3. Results

Phylogenetic relationships among the major clades of iguanian lizards are consistent with previous studies (Schulte et al. 2003a,b). In each family, viviparity has evolved multiple times and at least 20 events (Chamaeleonidae, two; Agamidae, two; and Iguanidae, 16) have been reconstructed (clades strongly supported by bootstrap analysis). In our 733-species tree we estimated divergence times for 14 out of 20 clades. Five viviparous lineages, represented by one species each, were excluded because divergence times could not be calculated using singleton species. The sixth inferred event was not included because samples for this lineage were unavailable (Tibetan Plateau viviparous Phrynocephalus species).

Our analyses revealed that 13 of the 14 iguanian lizard clades evolved viviparity prior to the initiation of the Pliocene–Pleistocene glaciations (table 1). The iguanid clade containing the Northern Chilean species Liolaemus isabelae and L. paulinae is estimated to have evolved viviparity at least by mid-Pliocene (3 Ma) while another South American iguanid group, Phymaturus, is estimated to have evolved this trait earliest by approximately 66.4 Ma in the Late Cretaceous. In the remaining nine iguanid clades viviparity evolves most often in the Eocene (35.2–52.6 Ma). Both chamaeleonid clades, Chamaeleo jacksonii clade and South African Bradypodion pumilum clade, evolved live birth at least by 29–30 Ma in the Oligocene. Within Agamidae, the Sri Lankan genus Cophotis, viviparity is estimated to have appeared about 8.4 Ma.

View this table:
Table 1.

Divergence times for viviparous iguanian lizard clades and immediate oviparous ancestor in millions of years. (Clades are listed by family and in order of mean age.)

4. Discussion

Our results are congruent with the hypothesis that most origins of viviparity in iguanian lizards occurred during the time of Earth's gradual cooling that began in the Eocene. The transition times between oviparity and viviparity for all but one of the 14 origins examined here are estimated to have taken place over this time period. In only one instance (Liolaemus isabelae clade) is viviparity suggested to have evolved during the recent glacial periods 2.5–4 Ma. However, the oviparous ancestor of this clade is at least 14.4 Myr old (table 1), so it remains possible that the origin of viviparity in this group took place prior to the onset of glaciations.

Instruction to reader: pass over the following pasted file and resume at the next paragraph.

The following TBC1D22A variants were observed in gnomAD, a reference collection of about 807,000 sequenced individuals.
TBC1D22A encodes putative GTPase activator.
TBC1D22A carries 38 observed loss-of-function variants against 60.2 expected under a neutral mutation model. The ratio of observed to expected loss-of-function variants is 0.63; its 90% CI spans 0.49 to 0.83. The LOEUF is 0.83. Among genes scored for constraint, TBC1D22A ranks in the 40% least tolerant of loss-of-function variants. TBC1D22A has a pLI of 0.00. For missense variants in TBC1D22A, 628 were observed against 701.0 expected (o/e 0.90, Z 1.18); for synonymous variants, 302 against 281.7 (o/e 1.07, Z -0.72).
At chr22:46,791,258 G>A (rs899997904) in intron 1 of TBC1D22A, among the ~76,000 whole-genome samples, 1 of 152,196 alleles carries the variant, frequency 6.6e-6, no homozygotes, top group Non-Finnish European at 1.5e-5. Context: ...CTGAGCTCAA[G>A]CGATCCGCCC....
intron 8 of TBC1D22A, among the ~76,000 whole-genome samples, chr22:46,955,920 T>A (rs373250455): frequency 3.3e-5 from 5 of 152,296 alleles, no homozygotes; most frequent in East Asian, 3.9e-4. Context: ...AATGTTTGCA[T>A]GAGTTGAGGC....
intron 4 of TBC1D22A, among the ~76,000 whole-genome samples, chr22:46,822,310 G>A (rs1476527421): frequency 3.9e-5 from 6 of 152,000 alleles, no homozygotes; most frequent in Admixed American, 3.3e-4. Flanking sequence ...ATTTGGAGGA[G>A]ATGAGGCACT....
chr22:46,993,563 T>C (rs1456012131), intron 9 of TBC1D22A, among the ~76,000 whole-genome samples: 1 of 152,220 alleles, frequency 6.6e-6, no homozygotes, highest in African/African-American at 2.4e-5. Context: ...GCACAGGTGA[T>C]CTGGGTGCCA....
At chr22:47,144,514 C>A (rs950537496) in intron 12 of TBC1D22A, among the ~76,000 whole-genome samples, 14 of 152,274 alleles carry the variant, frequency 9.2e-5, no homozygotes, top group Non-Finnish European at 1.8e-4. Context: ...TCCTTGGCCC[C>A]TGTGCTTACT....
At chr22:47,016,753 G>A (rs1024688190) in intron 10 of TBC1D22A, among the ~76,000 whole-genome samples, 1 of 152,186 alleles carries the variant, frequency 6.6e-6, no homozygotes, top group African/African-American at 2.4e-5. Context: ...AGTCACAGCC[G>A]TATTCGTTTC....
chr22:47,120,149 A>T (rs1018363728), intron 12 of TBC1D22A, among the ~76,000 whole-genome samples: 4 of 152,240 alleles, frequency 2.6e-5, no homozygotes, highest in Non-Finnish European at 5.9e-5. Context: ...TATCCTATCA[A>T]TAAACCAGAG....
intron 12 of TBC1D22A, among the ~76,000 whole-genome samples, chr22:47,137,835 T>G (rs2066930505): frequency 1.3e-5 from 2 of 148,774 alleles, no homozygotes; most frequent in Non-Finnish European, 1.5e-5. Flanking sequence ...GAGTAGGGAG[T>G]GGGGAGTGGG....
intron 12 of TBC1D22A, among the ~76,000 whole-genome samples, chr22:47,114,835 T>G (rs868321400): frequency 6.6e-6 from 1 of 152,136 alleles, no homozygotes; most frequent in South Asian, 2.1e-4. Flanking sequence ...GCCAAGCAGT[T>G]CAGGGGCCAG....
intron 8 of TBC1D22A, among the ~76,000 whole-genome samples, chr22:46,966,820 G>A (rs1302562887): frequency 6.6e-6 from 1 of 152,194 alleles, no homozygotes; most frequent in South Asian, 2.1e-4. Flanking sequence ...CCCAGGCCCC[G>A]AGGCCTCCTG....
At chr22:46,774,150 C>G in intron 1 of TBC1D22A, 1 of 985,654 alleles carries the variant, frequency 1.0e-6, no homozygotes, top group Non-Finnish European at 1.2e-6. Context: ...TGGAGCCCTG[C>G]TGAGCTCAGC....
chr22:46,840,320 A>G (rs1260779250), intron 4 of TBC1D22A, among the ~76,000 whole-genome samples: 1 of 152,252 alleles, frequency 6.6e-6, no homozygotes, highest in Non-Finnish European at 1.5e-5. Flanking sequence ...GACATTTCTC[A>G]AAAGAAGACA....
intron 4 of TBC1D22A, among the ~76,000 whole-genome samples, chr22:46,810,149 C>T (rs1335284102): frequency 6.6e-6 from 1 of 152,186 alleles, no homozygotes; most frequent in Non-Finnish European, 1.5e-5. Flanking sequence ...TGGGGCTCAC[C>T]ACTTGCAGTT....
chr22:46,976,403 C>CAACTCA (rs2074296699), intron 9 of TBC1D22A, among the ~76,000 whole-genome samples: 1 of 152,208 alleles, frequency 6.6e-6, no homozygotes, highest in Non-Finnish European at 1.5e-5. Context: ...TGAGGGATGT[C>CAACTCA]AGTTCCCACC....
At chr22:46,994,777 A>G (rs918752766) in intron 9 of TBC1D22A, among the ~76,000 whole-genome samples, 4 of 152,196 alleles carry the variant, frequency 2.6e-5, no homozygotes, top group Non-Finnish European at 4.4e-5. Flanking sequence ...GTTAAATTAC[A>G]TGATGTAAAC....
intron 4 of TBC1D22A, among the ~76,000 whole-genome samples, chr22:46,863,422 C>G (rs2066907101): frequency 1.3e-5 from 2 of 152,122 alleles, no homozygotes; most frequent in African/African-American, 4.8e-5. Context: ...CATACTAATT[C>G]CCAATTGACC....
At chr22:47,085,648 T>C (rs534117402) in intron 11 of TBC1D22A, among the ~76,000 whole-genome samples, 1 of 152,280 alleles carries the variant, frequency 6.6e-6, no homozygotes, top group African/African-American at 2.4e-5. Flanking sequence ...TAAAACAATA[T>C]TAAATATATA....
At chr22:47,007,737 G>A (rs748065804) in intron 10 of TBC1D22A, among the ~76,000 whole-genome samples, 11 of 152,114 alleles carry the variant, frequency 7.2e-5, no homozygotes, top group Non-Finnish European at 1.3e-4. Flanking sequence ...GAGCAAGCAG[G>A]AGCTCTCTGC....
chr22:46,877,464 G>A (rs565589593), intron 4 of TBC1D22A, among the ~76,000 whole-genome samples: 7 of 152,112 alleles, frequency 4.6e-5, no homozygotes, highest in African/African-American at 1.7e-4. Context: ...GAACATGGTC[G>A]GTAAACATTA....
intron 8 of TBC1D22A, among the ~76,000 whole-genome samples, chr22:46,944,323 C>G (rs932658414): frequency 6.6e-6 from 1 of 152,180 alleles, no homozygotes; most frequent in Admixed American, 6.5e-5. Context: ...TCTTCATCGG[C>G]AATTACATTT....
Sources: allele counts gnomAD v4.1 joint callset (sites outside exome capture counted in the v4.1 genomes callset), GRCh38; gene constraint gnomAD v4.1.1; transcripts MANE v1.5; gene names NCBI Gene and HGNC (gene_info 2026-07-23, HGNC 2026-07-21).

A potential bias in this study is the lack of accurate age estimates for viviparous origins in the singleton species sampled here (e.g. Sceloporus grammicus, Scel. jarrovii) and reproductively bimodal species (Zootoca vivipara, Lerista bougainvillii, Saiphos equalis, Scel. bicanthalis) not sampled. It remains possible that viviparity in these species evolved within the last 4 Myr (Surget-Groba et al. (2001) for Z. vivipara). Modern divergence analyses applied to these taxa are required to further examine this hypothesis. Although our analysis of Iguania reconstructs 20 of the 102–115 origins within Squamata, future comprehensive sampling within other squamate clades, especially Serpentes, Anguidae and Scincidae, as well as detailed population-level analyses of reproductively bimodal species, will be an excellent complement to this study in determining whether most viviparous origins occurred pre-Pliocene.

Squamate reptiles are an ideal group in which to test alternative hypotheses for the evolution of viviparity owing to this trait's origination frequency. Identification of squamate reptile lineages that have evolved viviparity over a range of time scales will provide a temporal framework to better reconstruct genomic, ecological, physiological and morphological changes that take place during the transition from egg-laying to live birth (Blackburn 2005). Our results offer useful information in historical reconstruction of diverse squamate lineages, improve understanding of the evolution of a recurrent theme in the history of squamate reptiles and reveal much about evolutionary patterns in reproductive systems in general.


We acknowledge Clarkson University and National Science Foundation (DBI-0109205, DBI-0314092 and DEB-0616630) for financial support. We thank J. Losos and D. Blackburn for a critical manuscript review and Alex Pyron for analytical advice.


    • Received August 28, 2009.
    • Accepted September 16, 2009.